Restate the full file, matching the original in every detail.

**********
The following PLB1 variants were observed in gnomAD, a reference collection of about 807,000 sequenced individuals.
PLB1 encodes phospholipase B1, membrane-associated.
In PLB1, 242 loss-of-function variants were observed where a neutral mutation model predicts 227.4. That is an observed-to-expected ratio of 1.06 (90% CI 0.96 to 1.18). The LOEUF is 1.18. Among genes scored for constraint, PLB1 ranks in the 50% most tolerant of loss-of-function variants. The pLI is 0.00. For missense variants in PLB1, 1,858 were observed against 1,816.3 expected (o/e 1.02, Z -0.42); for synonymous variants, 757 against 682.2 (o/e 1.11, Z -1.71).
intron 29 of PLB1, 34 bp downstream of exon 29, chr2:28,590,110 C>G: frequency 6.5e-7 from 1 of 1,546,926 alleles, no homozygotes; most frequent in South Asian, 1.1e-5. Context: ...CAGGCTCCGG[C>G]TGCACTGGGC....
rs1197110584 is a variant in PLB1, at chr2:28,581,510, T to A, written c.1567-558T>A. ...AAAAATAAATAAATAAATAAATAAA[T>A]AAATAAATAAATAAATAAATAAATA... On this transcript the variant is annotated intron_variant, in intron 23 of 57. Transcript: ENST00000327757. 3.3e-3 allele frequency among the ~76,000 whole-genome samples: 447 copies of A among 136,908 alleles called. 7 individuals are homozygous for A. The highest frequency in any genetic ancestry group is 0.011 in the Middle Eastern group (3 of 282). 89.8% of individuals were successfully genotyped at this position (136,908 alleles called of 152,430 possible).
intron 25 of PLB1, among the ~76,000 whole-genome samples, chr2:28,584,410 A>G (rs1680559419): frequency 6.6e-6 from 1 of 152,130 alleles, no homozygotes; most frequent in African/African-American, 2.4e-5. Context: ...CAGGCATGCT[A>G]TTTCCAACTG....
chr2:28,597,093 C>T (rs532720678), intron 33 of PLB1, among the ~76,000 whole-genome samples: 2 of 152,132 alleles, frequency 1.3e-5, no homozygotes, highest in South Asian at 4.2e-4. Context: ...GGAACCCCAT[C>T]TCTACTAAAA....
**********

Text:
The following PLB1 variants were observed in gnomAD, a reference collection of about 807,000 sequenced individuals.
PLB1 encodes phospholipase B1, membrane-associated.
In PLB1, 242 loss-of-function variants were observed where a neutral mutation model predicts 227.4. That is an observed-to-expected ratio of 1.06 (90% CI 0.96 to 1.18). The LOEUF is 1.18. Among genes scored for constraint, PLB1 ranks in the 50% most tolerant of loss-of-function variants. The pLI is 0.00. For missense variants in PLB1, 1,858 were observed against 1,816.3 expected (o/e 1.02, Z -0.42); for synonymous variants, 757 against 682.2 (o/e 1.11, Z -1.71).
intron 29 of PLB1, 34 bp downstream of exon 29, chr2:28,590,110 C>G: frequency 6.5e-7 from 1 of 1,546,926 alleles, no homozygotes; most frequent in South Asian, 1.1e-5. Context: ...CAGGCTCCGG[C>G]TGCACTGGGC....
rs1197110584 is a variant in PLB1, at chr2:28,581,510, T to A, written c.1567-558T>A. ...AAAAATAAATAAATAAATAAATAAA[T>A]AAATAAATAAATAAATAAATAAATA... On this transcript the variant is annotated intron_variant, in intron 23 of 57. Transcript: ENST00000327757. 3.3e-3 allele frequency among the ~76,000 whole-genome samples: 447 copies of A among 136,908 alleles called. 7 individuals are homozygous for A. The highest frequency in any genetic ancestry group is 0.011 in the Middle Eastern group (3 of 282). 89.8% of individuals were successfully genotyped at this position (136,908 alleles called of 152,430 possible).
intron 25 of PLB1, among the ~76,000 whole-genome samples, chr2:28,584,410 A>G (rs1680559419): frequency 6.6e-6 from 1 of 152,130 alleles, no homozygotes; most frequent in African/African-American, 2.4e-5. Context: ...CAGGCATGCT[A>G]TTTCCAACTG....
chr2:28,597,093 C>T (rs532720678), intron 33 of PLB1, among the ~76,000 whole-genome samples: 2 of 152,132 alleles, frequency 1.3e-5, no homozygotes, highest in South Asian at 4.2e-4. Context: ...GGAACCCCAT[C>T]TCTACTAAAA....